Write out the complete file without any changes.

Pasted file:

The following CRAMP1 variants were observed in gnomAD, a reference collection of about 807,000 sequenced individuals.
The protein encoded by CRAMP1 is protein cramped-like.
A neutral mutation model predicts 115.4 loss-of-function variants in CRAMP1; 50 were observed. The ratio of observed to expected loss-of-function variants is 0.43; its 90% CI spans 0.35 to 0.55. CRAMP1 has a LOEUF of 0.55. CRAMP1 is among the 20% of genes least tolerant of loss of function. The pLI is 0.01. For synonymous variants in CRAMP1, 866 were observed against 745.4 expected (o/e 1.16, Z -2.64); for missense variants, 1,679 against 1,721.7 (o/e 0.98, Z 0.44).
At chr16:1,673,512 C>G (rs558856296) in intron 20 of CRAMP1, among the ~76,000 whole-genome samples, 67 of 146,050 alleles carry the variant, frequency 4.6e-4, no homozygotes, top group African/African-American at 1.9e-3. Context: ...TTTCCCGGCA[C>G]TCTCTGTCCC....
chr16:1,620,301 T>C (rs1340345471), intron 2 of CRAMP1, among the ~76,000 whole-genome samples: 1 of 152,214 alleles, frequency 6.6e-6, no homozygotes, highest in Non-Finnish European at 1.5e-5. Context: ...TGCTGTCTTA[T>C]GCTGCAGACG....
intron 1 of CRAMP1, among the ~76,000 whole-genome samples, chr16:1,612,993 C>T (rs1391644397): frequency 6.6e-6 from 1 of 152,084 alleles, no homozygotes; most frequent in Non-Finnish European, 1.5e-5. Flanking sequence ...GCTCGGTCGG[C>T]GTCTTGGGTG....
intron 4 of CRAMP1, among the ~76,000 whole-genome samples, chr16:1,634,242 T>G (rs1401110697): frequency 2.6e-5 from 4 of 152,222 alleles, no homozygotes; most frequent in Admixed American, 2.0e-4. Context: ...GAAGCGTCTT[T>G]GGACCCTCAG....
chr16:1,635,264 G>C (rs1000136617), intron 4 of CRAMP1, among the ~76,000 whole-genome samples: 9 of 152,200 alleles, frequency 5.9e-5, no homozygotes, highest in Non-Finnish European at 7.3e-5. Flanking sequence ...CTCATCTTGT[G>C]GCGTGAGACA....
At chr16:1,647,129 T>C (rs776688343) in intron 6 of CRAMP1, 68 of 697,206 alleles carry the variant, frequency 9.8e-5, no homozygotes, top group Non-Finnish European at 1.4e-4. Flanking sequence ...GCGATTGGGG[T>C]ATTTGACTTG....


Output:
The following CRAMP1 variants were observed in gnomAD, a reference collection of about 807,000 sequenced individuals.
The protein encoded by CRAMP1 is protein cramped-like.
A neutral mutation model predicts 115.4 loss-of-function variants in CRAMP1; 50 were observed. The ratio of observed to expected loss-of-function variants is 0.43; its 90% CI spans 0.35 to 0.55. CRAMP1 has a LOEUF of 0.55. CRAMP1 is among the 20% of genes least tolerant of loss of function. The pLI is 0.01. For synonymous variants in CRAMP1, 866 were observed against 745.4 expected (o/e 1.16, Z -2.64); for missense variants, 1,679 against 1,721.7 (o/e 0.98, Z 0.44).
At chr16:1,673,512 C>G (rs558856296) in intron 20 of CRAMP1, among the ~76,000 whole-genome samples, 67 of 146,050 alleles carry the variant, frequency 4.6e-4, no homozygotes, top group African/African-American at 1.9e-3. Context: ...TTTCCCGGCA[C>G]TCTCTGTCCC....
chr16:1,620,301 T>C (rs1340345471), intron 2 of CRAMP1, among the ~76,000 whole-genome samples: 1 of 152,214 alleles, frequency 6.6e-6, no homozygotes, highest in Non-Finnish European at 1.5e-5. Context: ...TGCTGTCTTA[T>C]GCTGCAGACG....
intron 1 of CRAMP1, among the ~76,000 whole-genome samples, chr16:1,612,993 C>T (rs1391644397): frequency 6.6e-6 from 1 of 152,084 alleles, no homozygotes; most frequent in Non-Finnish European, 1.5e-5. Flanking sequence ...GCTCGGTCGG[C>T]GTCTTGGGTG....
intron 4 of CRAMP1, among the ~76,000 whole-genome samples, chr16:1,634,242 T>G (rs1401110697): frequency 2.6e-5 from 4 of 152,222 alleles, no homozygotes; most frequent in Admixed American, 2.0e-4. Context: ...GAAGCGTCTT[T>G]GGACCCTCAG....
chr16:1,635,264 G>C (rs1000136617), intron 4 of CRAMP1, among the ~76,000 whole-genome samples: 9 of 152,200 alleles, frequency 5.9e-5, no homozygotes, highest in Non-Finnish European at 7.3e-5. Flanking sequence ...CTCATCTTGT[G>C]GCGTGAGACA....
At chr16:1,647,129 T>C (rs776688343) in intron 6 of CRAMP1, 68 of 697,206 alleles carry the variant, frequency 9.8e-5, no homozygotes, top group Non-Finnish European at 1.4e-4. Flanking sequence ...GCGATTGGGG[T>C]ATTTGACTTG....